Strengthen students’ understanding of concepts with writing tasks

A cartoon of a hand writing with a pencil in the shape of a double helix

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Assign writing-to-learn tasks to enhance learning and improve understanding in key subject areas

A recent study by the University of Michigan investigated whether written assignments with real-world context and peer interaction improved students’ motivation to learn the content. The team behind the study has previously shown that writing-to-learn (WTL) assignments support conceptual learning and disciplinary thinking. Other research has demonstrated that real-world relevance and social interaction enhance students’ motivation to learn.

Students’ feelings, attitudes, beliefs and motivation towards a given task – collectively known as student affect – have long been acknowledged as an important factor in learning. Student motivation becomes particularly important when they are faced with challenging topics. The researchers built on these findings to explore relevant, social WTL assignments.

The university students who took part in the study were completing an organic chemistry course, many of them taking biological or medical majors. Each WTL assignment had three stages. First, students completed a draft for review by three peers, who each provided feedback. Students were then able to revise their assignment before final submission. The researchers encouraged students to engage with peers who had previously completed the task for support and feedback.

The WTL tasks incorporated real-world contexts. The exercises included designing an analogue of thalidomide that would not undergo racemisation in the body, and developing a more effective synthesis of the drug Ivermectin in the role of technician for Médecins Sans Frontières.

Positive outcomes

The research team interviewed 10 students via Zoom about their views on the impact of the exercises on their learning. They also used a survey to confirm that findings from the interviews were applicable to the cohort.

Most interviewees were positive about the authentic contexts. They said the contexts identified the relevance of the organic chemistry content, and how it related to their personal interests or aspirational goals. One student noted that they now appreciated organic chemistry’s place in medicine and that it was not pointless to them.

Students also observed that explaining concepts to others made them think about them in simple terms, and that the concepts were easier to retain and understand. The investigators suggest that writing about target concepts does help strengthen students’ understanding of them.

Interestingly, several students reported that they disliked the WTL assignments at first because they disliked writing. The researchers suggest this was due to a lack of experience of writing in STEM subjects. However, the data indicated that most students’ views shifted as they gained experience of the assignments. The students seem to have developed an appreciation of the importance of writing in a scientific context. Overall, the findings showed that students had a positive attitude towards the assignments and that the nature of the tasks motivated them.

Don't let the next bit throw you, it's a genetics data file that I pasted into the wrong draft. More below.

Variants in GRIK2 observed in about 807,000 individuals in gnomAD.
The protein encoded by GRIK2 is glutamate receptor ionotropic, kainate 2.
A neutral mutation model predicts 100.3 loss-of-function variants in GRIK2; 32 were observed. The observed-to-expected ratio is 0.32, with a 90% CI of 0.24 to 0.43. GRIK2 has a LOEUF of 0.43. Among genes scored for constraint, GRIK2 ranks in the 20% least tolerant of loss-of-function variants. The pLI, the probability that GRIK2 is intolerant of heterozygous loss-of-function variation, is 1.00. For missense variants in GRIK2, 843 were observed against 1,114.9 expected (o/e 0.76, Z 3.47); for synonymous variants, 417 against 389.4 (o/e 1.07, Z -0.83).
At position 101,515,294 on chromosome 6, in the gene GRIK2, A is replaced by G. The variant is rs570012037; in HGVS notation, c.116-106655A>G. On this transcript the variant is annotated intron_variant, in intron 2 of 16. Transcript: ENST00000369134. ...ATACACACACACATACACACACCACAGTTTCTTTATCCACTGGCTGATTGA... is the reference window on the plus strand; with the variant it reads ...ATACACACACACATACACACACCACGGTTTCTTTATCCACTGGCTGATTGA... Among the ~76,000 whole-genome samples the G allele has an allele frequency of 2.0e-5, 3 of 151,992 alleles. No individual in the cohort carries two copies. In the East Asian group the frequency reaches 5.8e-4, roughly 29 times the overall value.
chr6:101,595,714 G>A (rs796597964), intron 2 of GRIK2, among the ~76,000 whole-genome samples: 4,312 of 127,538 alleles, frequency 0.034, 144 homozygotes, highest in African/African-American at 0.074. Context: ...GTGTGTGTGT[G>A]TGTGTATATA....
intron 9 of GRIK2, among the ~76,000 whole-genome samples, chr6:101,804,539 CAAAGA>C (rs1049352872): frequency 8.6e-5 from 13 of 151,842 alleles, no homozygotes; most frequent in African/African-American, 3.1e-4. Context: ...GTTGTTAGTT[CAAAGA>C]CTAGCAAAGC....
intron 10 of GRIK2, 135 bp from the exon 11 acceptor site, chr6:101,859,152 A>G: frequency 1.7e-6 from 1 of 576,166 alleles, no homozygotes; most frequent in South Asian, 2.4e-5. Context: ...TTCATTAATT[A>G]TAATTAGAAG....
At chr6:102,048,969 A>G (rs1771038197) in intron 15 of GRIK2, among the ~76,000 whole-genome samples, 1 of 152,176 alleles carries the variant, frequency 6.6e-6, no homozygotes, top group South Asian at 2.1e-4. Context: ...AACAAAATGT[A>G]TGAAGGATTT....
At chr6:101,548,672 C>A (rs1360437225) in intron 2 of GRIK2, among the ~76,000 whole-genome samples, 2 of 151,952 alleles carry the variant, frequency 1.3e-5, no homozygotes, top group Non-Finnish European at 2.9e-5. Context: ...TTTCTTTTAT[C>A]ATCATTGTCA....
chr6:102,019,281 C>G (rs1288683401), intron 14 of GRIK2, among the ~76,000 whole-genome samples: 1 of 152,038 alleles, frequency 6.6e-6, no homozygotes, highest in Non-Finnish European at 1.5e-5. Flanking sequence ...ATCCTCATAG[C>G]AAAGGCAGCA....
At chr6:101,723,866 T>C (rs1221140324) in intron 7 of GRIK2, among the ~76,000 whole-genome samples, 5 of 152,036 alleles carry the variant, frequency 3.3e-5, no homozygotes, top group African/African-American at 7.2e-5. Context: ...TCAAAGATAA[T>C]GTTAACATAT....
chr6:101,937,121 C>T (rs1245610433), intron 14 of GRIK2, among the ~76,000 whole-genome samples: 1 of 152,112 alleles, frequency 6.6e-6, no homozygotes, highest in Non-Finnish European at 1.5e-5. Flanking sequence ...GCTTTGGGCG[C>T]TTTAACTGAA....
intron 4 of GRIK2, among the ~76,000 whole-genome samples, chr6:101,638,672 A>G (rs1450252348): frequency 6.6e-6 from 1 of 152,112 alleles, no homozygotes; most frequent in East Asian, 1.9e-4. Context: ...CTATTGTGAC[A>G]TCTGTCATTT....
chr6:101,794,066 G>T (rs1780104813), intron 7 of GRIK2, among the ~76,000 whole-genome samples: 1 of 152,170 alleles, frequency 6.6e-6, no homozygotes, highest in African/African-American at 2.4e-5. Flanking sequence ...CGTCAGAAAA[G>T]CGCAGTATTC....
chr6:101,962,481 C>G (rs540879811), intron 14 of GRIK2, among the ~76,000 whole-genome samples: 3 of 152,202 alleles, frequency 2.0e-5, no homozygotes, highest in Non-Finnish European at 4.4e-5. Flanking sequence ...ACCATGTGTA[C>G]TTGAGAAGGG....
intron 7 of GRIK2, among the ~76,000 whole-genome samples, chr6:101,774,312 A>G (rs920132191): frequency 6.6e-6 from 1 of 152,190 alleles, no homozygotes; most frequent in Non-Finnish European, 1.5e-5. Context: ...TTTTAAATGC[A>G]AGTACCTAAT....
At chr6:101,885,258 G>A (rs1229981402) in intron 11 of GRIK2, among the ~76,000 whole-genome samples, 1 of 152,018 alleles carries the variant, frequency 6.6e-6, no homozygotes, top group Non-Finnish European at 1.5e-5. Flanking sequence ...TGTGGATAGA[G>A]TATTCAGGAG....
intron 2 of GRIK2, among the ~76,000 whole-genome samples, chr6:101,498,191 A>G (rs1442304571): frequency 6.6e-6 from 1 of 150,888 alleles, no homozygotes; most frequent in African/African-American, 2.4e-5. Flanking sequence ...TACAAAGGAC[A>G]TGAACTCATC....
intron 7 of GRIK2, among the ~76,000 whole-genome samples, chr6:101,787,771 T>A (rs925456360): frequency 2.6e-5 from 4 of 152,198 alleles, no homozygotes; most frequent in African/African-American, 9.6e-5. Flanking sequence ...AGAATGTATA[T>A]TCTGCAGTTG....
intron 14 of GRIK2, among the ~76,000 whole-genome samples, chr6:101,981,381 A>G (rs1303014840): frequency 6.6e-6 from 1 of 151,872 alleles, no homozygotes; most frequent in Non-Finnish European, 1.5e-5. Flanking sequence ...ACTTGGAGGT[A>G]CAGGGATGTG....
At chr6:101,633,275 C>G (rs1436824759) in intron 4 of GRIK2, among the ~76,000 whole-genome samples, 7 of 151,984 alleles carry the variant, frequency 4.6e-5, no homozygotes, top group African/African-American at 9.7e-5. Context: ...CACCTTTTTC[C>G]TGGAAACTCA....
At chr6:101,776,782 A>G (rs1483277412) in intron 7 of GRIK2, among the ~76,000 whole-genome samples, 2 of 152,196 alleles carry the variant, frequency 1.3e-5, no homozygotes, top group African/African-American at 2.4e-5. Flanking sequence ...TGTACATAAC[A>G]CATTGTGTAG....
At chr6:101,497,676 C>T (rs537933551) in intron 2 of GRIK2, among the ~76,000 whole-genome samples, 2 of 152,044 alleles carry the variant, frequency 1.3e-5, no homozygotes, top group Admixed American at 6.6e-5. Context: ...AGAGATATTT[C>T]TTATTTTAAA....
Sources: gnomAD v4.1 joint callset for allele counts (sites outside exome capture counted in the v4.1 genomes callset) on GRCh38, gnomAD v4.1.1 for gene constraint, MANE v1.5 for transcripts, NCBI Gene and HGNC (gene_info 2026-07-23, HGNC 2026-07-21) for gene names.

Teaching tips

  • Use the appendices of this study to develop similar assignments appropriate for school levels. These assignments may be particularly useful in preparing students for longer-answer exam questions.
  • Organic chemistry lends itself to this type of written assessment because explaining concepts helps to cement conceptual understanding.
  • Tasks could involve explaining a synthetic route or mechanism, or could include explaining the processes that occur in the distillation of crude oil.
  • Carefully design appropriate contexts to accompany WTL assignments based on these or other concepts.
  • This study identified that students found the process of writing for others valuable, so it would be useful to include a peer-review process. Students did not want their peers to tell them they had described content incorrectly, so this meant that they put more effort in. Also, reading others’ work encouraged students to reflect on their own work and write more clearly.
  • You could play the role of a peer in the administration of the task, providing feedback on early drafts and answering questions to steer students away from alternate conceptions at early stages.
  • You could also set similar tasks as group assignments, providing an opportunity for students with stronger writing skills to support peers who lack confidence.

Want to use writing tasks to support your students’ chemistry learning and, in doing so, boost confidence? EiC has a fantastic collection of Literacy in science teaching resources for some ideas and inspiration.


M N Petterson et alChem. Educ. Res. Pract., 2021, 23, 189–205 (DOI: 10.1039/d1rp00181g)